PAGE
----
Monday the boys took me to see Percy Jackson and the Olympians; The Lightening Thief. They had seen it with Anna when it first came out and they thought I'd enjoy it. They are in the midst of Greek studies this year so it fits well with their schooling.
If you listen to National Public Radio you know that this film was critically dismissed. Their film critic expressed hopes right off the bat that there would be no sequel.
I came away from it thinking it a good film, something more than your run of the mill movie. As a movie, it had some funny highlights - nothing more funny than the famed Hollywood sign being the entryway into Hades. It had explosions and danger and graphics that were fine. I'm no judge of these things, I typically only notice these things when they are really bad.
What made it a film was the subtext. The subtext is about the relationship between children and absent parents. Percy is the son of Posidion, and his dad left his life when he was 7 months old because Zeus ordered that the gods should stay away from their human children. Since then Percy's mother has married a guy who doesn't work, treats her as 'woman' - little more than a slave, and disdains his step-son.
Along the way we're introduced to camp 'half-blood', the place for other kids like Percy - they are demi-gods, the children of the gods and humans. They are distanced from their parents, and that produces disappointment, unanswered questions, and in the lightening thief - anger and hatred. The film seeks to address this absent-parent syndrome.
Sitting in the theater I had a couple of thoughts running through my mind. I reflected about some of my friends, especially those in the military, who over the past several years have had major periods of an absent parent. Their parents, like the gods in greek mythology, carry much responsibility on their shoulders. This film could be very helpful to these young people wondering why mom or dad aren't around as much as they'd like. On the other hand, this film could give creedance to those parents who view themselves as "saviors of the world" and thus wind up ignoring their kids.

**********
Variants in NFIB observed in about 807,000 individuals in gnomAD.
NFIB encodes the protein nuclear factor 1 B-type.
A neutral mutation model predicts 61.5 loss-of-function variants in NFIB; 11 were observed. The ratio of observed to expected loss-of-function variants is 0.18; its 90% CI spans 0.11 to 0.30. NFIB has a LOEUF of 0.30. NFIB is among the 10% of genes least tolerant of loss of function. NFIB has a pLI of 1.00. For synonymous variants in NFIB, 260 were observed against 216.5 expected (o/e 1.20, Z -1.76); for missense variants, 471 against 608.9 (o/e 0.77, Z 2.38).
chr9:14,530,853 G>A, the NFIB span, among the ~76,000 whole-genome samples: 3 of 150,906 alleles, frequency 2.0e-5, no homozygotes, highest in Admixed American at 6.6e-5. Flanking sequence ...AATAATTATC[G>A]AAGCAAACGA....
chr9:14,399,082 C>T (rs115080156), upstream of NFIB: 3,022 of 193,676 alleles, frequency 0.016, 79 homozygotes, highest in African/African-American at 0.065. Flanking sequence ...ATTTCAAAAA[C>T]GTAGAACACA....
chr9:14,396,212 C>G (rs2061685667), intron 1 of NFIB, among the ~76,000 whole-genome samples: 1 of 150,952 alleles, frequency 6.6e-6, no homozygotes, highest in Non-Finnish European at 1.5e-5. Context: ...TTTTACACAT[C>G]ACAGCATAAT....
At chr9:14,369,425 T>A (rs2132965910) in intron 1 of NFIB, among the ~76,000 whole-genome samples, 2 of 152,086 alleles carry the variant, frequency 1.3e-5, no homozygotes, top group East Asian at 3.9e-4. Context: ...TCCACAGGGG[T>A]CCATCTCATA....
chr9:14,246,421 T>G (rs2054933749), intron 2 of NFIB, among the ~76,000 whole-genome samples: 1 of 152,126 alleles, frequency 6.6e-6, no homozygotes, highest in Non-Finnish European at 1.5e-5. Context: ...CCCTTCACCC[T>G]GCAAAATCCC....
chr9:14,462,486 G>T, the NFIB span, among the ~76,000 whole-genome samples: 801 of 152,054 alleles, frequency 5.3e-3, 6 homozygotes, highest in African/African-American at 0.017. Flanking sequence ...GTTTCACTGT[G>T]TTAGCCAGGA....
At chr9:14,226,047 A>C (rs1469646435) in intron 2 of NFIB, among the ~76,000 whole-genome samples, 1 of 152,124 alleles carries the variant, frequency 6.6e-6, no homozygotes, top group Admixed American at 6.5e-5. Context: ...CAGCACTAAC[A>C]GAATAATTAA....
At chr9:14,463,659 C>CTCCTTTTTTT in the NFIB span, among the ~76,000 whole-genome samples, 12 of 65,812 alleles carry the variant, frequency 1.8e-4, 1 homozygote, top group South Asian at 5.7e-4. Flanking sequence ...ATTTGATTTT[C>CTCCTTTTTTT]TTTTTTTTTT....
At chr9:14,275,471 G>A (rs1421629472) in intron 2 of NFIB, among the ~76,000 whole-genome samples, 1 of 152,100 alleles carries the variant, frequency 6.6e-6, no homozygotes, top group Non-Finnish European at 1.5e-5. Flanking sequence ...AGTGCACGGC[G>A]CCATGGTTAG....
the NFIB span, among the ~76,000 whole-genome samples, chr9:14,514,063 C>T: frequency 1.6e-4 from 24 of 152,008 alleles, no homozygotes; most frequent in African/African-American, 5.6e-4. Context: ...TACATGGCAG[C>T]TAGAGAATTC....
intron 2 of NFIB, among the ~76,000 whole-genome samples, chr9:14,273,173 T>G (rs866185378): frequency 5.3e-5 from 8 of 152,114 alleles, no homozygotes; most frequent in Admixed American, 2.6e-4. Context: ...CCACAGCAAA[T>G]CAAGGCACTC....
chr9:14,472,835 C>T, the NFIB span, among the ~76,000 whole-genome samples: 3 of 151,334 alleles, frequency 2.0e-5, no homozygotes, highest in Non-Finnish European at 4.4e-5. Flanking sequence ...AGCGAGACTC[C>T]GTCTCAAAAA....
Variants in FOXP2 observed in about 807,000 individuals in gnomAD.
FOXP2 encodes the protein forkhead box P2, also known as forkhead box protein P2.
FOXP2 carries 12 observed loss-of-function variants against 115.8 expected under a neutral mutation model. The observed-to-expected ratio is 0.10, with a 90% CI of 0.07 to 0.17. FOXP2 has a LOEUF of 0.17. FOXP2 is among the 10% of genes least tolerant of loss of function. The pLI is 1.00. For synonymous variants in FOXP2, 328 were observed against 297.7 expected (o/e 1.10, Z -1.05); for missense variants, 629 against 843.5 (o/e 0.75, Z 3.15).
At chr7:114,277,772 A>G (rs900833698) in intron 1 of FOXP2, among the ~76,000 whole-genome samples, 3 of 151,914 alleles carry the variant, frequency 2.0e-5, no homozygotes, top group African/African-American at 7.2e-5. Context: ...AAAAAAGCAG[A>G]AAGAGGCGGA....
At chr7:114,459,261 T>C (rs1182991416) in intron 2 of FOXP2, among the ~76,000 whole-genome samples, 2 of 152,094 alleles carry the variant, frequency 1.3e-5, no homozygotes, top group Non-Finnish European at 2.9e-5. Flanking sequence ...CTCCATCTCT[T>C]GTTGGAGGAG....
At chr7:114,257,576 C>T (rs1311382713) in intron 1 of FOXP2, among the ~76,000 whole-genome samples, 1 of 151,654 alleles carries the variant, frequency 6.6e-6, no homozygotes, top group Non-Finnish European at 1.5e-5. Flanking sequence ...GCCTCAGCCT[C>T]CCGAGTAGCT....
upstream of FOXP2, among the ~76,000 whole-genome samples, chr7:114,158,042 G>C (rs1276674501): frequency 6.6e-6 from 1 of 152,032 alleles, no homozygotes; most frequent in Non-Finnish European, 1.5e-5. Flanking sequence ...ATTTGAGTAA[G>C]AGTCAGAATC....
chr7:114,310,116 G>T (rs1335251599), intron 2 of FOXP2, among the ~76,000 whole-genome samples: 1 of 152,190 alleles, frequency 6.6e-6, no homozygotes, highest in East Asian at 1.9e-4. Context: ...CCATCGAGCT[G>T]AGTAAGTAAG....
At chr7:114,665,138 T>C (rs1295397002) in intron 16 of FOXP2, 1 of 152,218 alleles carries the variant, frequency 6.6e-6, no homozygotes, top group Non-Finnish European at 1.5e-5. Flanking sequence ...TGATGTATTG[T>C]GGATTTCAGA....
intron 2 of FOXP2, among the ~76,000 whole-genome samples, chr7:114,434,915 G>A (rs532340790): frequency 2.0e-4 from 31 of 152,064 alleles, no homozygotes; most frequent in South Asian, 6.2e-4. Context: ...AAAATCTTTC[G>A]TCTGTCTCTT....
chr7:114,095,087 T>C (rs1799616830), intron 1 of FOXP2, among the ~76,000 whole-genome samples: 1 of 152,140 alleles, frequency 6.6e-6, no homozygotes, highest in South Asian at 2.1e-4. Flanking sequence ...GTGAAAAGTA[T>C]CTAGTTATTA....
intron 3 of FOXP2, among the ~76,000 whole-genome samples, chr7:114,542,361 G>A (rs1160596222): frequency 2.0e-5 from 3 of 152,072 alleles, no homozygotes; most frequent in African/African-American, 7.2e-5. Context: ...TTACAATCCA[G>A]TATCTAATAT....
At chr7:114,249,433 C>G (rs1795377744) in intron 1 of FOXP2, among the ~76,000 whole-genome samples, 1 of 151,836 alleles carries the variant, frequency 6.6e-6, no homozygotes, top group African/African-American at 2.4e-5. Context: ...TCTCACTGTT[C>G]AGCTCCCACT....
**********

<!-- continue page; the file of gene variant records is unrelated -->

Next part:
This is why the film, in the end, works well, it won't let the viewer have an easy scapegoat from responsibility for answering the complex questions of the task that is before a parent about how to best fulfill ones calling and love ones family.
The one place where the film projects clarity is in its depiction of the god Hades. Hades is used in two forms, both the place of the dead and the brother of Zeus and Posidion. Hades truly comes across as the chief deceiver, and the events which transpire in Hades, fit that form well - a place of deception.
In the end, I'm glad the boys took me along. It was a joy to be present with them, think about the funny things, the explosions and the themes of the sub-text.